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Posted: July 29, 2010

One-of-a-kind chemical formulation enables sub-50 nanometer process technology

(Nanowerk News) Nabil Mistkawi, a new Portland State University (PSU) chemistry graduate and full-time Intel employee, has invented a one-of-a-kind chemical formulation that enables sub-50 nanometer (nm) process technology for advanced microprocessors manufacturing. This novel and environmentally friendly chemical formulation saves Intel tens of millions of dollars annually.
These microprocessors serve as the "brains," or central processing units (CPUs), of today's personal computers. Microprocessors are often comprised of more than ten layers and many different materials. To successfully manufacture sub-50nm semiconductor chips, certain materials must be uniformly removed. To do this, Nabil Mistkawi implemented an elegant solution low in toxicity and high in performance.
His solution was a green chemistry concoction that would selectively dissolve certain metal, while preserving the integrity of electrical wiring components such as copper, and of insulators, that are all sandwiched together on the chip. This wet etching process is much cleaner and significantly more effective for this application than the typical chemical polishing approach to remove materials. The new process is not only effective, but also fast—completed in only two minutes.
For Intel Corporation, this "wet etching" method has served as a great, green leap forward. It was first implemented in 2006, scaled up in 2007, and has been part of the manufacturing process for current generations of Intel microprocessors. This work replaced toxic chemical formulations containing solvents that were harmful to human health as well as the environment, thus requiring strict and controlled usage protocols.
For Mistkawi, a process engineer at Intel's Hillsboro, Ore., facility, it served as the basis for his doctoral dissertation, "Fundamental Studies in Selective Wet Etching and Corrosion Processes for High Performance Semiconductor Devices," six years in the making and successfully defended this winter at Portland State University.
"I like to have students work on projects that actually amount to something tangible," says Shankar Rananavare, faculty adviser to Mistkawi and research associate professor of chemistry at PSU. "It's one thing to make it work in a test tube and beaker. It's quite another to do so at 8,000 gallons each week."
Addressing the environmental and human risks was the driving force to solve the etch selectivity challenge. This challenging task was proposed to a number of outside chemical companies and academic research labs. After one year of research they claimed that it is impossible to achieve the etch selectivity requirements. Three days after Mistkawi was asked to take a look at the problem, he had demonstrated both feasibility and proof of a concept that would prove to be cheaper, faster and cleaner.
Another fortunate byproduct of this process is actually its lack of byproduct. The chemical etching solution is 98 percent water, with fluoride content less than that of toothpaste. This "green chemistry" reduces both disposal and environmental costs. "It was nice to incorporate a green chemistry approach, but ultimately the process had to be robust enough through its performance," says Mistkawi.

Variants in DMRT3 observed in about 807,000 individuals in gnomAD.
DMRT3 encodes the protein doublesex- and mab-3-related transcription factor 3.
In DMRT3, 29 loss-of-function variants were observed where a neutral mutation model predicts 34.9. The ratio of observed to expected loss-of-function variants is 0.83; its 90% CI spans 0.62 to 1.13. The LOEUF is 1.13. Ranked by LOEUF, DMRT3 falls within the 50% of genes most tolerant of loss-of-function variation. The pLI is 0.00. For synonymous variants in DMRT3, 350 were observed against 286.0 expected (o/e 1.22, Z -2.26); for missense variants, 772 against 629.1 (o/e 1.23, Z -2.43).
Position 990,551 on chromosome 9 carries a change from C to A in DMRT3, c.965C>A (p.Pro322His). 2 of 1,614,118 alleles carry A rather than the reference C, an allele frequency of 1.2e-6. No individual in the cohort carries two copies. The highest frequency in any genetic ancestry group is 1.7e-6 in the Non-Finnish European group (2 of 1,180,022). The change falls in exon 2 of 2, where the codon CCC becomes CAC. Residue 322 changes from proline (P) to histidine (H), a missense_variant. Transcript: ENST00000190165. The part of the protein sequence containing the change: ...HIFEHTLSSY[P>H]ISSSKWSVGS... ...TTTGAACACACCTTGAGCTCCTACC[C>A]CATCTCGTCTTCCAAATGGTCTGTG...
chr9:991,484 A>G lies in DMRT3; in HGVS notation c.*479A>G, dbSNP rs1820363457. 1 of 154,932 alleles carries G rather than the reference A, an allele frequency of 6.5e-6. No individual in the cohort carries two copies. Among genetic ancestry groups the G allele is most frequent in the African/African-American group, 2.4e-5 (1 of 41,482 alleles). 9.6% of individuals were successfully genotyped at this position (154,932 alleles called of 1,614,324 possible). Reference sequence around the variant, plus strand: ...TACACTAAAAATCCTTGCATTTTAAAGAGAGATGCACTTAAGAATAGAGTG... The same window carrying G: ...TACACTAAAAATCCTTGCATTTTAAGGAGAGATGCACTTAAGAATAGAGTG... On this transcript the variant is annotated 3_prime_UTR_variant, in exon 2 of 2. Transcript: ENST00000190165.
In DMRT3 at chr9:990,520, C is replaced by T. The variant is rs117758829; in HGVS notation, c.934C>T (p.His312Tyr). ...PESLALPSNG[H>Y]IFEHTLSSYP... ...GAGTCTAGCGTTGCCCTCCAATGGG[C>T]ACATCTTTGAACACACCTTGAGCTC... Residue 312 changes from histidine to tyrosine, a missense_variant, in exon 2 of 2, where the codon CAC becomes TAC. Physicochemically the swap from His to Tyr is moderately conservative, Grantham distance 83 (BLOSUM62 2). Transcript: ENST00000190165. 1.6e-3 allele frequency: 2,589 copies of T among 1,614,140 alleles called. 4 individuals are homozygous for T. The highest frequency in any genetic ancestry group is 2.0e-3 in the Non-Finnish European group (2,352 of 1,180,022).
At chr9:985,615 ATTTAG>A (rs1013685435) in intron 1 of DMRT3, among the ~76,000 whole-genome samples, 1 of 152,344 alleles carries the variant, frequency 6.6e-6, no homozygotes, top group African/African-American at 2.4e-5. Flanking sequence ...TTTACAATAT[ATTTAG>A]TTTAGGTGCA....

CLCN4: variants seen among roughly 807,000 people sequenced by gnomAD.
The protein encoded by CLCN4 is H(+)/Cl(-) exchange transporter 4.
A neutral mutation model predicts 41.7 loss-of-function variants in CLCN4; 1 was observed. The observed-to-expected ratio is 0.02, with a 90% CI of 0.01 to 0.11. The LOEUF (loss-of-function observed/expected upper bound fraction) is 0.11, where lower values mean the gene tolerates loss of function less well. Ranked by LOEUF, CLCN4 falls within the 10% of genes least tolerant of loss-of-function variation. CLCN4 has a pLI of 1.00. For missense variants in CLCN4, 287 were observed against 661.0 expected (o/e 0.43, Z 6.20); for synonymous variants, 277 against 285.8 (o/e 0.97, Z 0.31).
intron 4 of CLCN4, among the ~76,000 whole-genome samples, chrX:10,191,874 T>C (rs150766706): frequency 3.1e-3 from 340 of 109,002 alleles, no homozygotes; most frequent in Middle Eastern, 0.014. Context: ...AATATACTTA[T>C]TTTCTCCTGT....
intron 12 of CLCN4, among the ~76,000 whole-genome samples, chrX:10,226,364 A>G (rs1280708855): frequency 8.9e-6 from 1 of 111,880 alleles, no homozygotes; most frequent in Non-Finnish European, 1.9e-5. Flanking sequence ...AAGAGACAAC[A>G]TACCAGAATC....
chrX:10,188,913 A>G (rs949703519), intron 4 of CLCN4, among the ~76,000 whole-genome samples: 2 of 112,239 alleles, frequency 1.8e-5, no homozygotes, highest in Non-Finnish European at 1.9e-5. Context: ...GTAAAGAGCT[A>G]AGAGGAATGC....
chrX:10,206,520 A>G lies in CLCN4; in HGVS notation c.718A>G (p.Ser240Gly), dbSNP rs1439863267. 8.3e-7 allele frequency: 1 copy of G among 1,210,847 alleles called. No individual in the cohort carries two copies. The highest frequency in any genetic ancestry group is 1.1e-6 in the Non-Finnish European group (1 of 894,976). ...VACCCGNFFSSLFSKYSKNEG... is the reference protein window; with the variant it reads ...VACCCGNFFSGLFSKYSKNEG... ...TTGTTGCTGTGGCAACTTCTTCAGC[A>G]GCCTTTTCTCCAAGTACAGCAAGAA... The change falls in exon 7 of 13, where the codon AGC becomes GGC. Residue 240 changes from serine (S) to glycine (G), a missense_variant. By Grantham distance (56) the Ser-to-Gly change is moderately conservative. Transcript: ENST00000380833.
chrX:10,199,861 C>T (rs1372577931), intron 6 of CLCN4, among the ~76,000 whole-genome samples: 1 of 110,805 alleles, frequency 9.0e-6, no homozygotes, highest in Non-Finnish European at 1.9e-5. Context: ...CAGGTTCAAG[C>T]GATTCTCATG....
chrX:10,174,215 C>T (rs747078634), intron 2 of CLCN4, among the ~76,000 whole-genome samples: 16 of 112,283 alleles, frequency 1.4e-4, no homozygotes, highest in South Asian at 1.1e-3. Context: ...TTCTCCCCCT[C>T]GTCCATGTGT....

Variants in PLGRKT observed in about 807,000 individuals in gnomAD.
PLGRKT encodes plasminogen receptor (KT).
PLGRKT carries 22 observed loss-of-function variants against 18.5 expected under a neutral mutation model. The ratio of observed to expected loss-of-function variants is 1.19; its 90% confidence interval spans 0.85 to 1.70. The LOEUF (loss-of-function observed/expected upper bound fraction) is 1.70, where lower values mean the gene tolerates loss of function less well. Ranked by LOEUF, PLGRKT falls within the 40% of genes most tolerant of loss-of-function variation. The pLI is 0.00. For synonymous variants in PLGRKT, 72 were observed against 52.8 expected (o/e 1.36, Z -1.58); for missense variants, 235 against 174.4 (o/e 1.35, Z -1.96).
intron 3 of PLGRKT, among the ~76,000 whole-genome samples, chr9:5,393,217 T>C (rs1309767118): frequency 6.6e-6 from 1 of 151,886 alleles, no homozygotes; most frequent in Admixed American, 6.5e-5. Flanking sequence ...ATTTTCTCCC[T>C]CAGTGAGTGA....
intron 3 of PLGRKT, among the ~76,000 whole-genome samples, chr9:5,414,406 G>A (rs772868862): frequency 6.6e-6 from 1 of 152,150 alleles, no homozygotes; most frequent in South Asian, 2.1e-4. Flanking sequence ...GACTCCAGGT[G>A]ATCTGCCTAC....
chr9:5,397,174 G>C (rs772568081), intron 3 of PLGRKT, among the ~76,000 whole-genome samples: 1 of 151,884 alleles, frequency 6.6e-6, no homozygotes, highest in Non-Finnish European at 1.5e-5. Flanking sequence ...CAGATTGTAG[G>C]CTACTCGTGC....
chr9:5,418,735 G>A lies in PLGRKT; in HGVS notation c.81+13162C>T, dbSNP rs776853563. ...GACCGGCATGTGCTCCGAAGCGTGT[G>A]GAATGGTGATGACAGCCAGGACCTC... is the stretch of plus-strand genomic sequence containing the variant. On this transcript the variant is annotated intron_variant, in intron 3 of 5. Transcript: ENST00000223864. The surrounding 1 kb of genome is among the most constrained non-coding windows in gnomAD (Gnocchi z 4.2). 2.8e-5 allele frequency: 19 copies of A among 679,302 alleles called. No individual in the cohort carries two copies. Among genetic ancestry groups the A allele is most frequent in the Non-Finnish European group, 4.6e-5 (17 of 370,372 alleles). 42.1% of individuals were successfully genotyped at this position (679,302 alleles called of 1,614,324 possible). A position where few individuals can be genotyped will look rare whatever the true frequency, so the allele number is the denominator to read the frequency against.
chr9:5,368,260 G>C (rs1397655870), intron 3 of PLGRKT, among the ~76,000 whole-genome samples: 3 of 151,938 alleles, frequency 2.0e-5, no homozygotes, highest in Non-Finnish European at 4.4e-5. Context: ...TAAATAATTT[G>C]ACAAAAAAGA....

The technology had been proven, but fully understanding and demonstrating the science remained important. Mistkawi continued to refine and replicate his work in labs at Intel, located in Hillsboro, Ore. At Portland State he worked to understand the science behind the process, meeting weekly with his adviser and other doctoral students (who agreed to meet on Friday evenings to accommodate Mistkawi's work schedule). Mistkawi also worked closely with the U.S. Department of Energy's National Energy Technology Laboratory in Albany, Ore., ( to better understand corrosion science of metal thin films.
"As good as the technology was, we wanted to make sure the science behind the process was equally well understood," says PSU's Rananavare.
Nabil Mistkawi received his doctorate at Portland State University commencement ceremonies in June 2010—one of the first ten students to complete this relatively new program. He continues to work full-time for Intel, where he is an inventor on nine patent applications filed since 2003, and is considering joining the component research team, focused on path-finding research challenges. He has received numerous awards, including the 2006 Global Intel Gold Award, given annually to an Intel employee who is engaged in a project that demonstrates exceptional environmental leadership.
Mistkawi earned a double major in biochemistry and chemistry at University of Oregon. He lives with his wife and three children in Keizer, Ore.
Portland State University has long-standing connections with regional industry—PSU already provides more graduates to Intel Oregon than any other university. These connections, with an emphasis on addressing industry challenges, benefit business, while helping expand and refine curriculum. Mistkawi's work in wet etching has already contributed to future coursework for other graduate science and engineering students at PSU.
"This story is a great example of how faculty at Portland State University partner at both an educational and research level with local industry" say Kevin Reynolds, professor and chair of PSU's Department of Chemistry. "It is one of the great strengths of our institution and as this example shows, the results can have a global impact with both positive economic and environmental outcomes."
Source: Portland State University
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